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Printing Industry Exchange ( is pleased to have Steven Waxman writing and managing the Printing Industry Blog. As a printing consultant, Steven teaches corporations how to save money buying printing, brokers printing services, and teaches prepress techniques. Steven has been in the printing industry for thirty-three years working as a writer, editor, print buyer, photographer, graphic designer, art director, and production manager.

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Digital Custom Printing: Indigo B2 Format Opens Doors

In Douglas Adams’ Hitchhiker’s Guide to the Universe, the number “42” is presented as “the answer to the ultimate question of life, the universe, and everything.”

I would adjust this slightly to make it pertinent to the realm of custom printing. I believe that “B2” digital commercial printing will become a significant answer to the ultimate question of how to keep print relevant.

HP Indigo 10000 and Above (the 20000 and 30000 Digital Presses)

I think the HP Indigo digital press has become state of the art for digital custom printing. I realize there are other capable presses (including the Xeikon digital line and some web-fed inkjet equipment). However, I believe the HP Indigo’s color fidelity puts it in direct competition with the quality of offset lithography.

Until now, though, the HP Indigo platform has tended toward a small press format (accepting a maximum 13” x 19” sheet for most configurations). This is great for small jobs such as brochures, but for larger jobs such as custom pocket folders and print posters, the press sheet size has been a liability.

Enter the B2 press sheet for the HP Indigo. The Indigo 10000, 20000, and 30000 will accept a 29.5” x 20.9” press sheet (a B2 sheet). They will also accept a pallet feeder supporting a 33.4” paper pile. These specifications lift the Indigo from a small, high quality press into the league of sheetfed offset custom printing.

Here’s Why: Technically Speaking

Think about an unfolded custom pocket folder. A 9” x 12” folder with 4” flaps laid flat on a press sheet prior to assembly will take up a space 18” wide (plus room for bleeds and printer’s color bars) and (more than) 16” tall (12” panels plus the 4” pocket, plus glue tabs to assemble the pocket folder, plus bleeds). This does not even count the gripper margin. If you do the math, you’ll see that a custom pocket folder cannot be laid out to print on the 13” x 19” press sheet that earlier versions of the HP Indigo accepted.

These new, larger-format digital presses will also be great for posters and multi-fold brochures that would otherwise extend beyond a 13” x 19” press sheet.

In the realm of publications and other multiple press-signature work, a B2 press sheet will accommodate an eight-page signature (of 8.5” x 11” pages), which can then be folded down and trimmed in the finishing department.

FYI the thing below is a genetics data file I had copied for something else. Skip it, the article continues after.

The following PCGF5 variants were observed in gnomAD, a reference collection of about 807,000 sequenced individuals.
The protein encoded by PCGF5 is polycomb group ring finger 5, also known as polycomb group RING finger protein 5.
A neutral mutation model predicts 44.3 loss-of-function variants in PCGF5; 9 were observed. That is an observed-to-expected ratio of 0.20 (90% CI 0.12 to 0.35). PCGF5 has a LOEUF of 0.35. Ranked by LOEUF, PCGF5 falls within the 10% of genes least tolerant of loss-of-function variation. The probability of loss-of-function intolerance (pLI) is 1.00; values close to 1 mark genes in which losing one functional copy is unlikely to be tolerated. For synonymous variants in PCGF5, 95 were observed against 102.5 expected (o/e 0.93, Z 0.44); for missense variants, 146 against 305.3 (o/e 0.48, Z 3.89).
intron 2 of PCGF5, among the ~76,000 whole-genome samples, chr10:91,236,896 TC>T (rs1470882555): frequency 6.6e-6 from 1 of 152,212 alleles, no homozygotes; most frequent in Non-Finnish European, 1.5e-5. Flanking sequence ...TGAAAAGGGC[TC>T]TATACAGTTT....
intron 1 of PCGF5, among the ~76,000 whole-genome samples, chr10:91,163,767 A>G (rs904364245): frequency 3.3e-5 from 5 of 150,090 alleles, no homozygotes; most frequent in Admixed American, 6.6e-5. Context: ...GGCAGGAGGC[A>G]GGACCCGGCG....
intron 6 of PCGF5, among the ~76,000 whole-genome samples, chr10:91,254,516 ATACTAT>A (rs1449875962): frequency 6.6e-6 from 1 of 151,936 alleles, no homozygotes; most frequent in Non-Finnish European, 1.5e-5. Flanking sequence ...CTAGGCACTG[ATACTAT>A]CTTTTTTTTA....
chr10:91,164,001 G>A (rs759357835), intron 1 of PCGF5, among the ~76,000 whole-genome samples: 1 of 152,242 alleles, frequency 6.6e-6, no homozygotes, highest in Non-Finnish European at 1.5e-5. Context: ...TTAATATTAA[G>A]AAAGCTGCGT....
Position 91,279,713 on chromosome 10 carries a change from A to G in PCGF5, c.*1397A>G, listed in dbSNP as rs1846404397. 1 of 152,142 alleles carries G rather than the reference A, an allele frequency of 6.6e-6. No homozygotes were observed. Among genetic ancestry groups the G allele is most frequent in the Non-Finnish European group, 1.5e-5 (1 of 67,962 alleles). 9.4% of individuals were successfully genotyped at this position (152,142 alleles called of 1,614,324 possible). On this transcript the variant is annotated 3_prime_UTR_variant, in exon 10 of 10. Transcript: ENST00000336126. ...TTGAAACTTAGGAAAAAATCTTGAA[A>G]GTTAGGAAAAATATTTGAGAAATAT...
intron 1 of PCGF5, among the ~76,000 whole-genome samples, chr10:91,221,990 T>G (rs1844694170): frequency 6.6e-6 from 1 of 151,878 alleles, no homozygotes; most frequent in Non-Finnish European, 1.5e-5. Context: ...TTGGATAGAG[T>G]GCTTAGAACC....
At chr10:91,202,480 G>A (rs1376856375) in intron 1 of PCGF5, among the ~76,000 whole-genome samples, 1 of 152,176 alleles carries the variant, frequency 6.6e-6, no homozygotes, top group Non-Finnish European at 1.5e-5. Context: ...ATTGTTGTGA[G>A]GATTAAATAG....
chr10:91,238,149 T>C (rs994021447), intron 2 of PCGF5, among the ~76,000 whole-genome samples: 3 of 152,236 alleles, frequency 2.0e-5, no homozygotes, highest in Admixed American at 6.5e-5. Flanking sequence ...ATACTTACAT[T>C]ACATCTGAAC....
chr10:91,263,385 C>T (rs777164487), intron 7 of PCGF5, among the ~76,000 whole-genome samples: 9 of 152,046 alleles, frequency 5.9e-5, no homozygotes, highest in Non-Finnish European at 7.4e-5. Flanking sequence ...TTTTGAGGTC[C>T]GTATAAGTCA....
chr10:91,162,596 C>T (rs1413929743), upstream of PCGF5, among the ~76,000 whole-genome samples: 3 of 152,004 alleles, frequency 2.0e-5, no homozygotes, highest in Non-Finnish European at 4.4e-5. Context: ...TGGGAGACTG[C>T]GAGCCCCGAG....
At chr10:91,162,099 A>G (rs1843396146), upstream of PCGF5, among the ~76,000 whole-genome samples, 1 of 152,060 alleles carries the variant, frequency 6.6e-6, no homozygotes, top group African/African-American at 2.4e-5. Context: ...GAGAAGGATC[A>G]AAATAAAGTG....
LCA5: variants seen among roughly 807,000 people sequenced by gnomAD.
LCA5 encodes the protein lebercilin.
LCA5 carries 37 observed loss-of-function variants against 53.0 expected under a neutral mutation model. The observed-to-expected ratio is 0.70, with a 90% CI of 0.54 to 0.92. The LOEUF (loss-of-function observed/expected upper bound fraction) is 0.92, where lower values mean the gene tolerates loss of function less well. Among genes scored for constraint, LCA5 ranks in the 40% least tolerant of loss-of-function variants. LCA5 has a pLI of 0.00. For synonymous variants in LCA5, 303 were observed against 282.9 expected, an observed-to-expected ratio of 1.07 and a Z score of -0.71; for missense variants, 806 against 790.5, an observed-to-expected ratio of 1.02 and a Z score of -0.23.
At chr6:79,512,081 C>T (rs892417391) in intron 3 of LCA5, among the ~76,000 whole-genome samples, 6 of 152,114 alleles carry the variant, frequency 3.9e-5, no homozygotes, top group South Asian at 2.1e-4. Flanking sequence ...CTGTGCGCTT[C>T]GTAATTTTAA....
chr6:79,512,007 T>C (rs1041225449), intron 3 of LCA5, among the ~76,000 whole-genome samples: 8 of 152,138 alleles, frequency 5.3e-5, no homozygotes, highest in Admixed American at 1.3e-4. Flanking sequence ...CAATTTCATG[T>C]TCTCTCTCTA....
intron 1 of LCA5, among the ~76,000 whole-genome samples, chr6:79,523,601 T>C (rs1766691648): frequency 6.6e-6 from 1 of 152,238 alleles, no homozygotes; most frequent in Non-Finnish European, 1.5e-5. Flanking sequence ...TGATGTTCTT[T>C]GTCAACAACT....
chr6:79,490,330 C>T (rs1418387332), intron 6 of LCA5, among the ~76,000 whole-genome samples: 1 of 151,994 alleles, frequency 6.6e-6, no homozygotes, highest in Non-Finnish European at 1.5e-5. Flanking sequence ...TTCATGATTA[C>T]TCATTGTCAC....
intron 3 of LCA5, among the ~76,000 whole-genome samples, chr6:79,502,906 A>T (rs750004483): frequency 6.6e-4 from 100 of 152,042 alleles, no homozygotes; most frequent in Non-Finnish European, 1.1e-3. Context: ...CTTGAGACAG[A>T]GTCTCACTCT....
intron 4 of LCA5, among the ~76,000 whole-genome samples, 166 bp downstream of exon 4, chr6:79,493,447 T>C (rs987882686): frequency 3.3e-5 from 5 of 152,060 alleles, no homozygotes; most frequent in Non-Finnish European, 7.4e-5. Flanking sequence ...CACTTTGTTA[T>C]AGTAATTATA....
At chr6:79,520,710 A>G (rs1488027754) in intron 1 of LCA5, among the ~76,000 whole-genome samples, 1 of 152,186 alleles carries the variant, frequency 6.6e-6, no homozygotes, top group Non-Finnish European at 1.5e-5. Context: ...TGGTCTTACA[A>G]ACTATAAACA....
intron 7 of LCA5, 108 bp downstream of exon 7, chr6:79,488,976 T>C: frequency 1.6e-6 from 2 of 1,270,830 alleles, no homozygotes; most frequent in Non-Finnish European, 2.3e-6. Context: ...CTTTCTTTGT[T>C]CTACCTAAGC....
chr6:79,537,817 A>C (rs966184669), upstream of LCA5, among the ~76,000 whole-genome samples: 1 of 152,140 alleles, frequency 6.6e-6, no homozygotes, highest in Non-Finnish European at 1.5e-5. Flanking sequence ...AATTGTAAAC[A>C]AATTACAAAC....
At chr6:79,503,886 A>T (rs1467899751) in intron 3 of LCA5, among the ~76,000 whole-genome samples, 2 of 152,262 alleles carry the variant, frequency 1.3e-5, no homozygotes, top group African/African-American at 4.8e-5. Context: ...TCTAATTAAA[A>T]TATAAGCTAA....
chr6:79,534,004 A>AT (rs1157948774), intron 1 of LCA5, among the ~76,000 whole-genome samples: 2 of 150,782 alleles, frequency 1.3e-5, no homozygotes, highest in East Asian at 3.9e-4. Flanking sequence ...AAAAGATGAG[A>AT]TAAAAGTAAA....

So even without factoring in the unique qualities that set digital custom printing apart from offset lithography (such as the ability to produce ultra-short press runs and variable imaging), we’re still in the realm of traditional offset printing in terms of format and press operation. This is particularly true when you consider the pallet loading capabilities. (Prior to this, adding paper to an Indigo was more like replenishing a laser printer.)

Automation and Quality Control Equal Speed (which Reduces Cost)

The HP Indigo 10000 includes an embedded spectrophotometer, registration cameras, and automated print defect detection. In-line or off-line coating and trimming capabilities can also be added. Along with the color fidelity afforded by the seven color inkset, all of this means the HP Indigo can produce stellar quality quickly and consistently, and this translates into lower costs and higher margins.

Thicker Stocks (More Printing Applications)

Complementary presses within this Indigo line—the 20000 and 30000–accept printing stocks up to 24 points in thickness. What this means is that flexible packaging and folding cartons can now be produced with the same quality and variable data as print collateral and publications work.

What Will These Digital Printers Produce?

As newspapers, books, and magazines shift (in some cases) to a digital first–or exclusively digital–existence, some printed products will continue to prosper. Studies show that packaging and label printing are thriving, and a significant amount of publication and direct mail signature work, pocket folders, and multi-fold brochures will also benefit from B2-format digital presses.

Short run book work (300 copies of a textbook, for instance) can also be efficiently produced, as can shorter runs of variable data printing.

People still need printed paper products. As long as this continues, B2 digital commercial printing will thrive and grow. You can bet on it.

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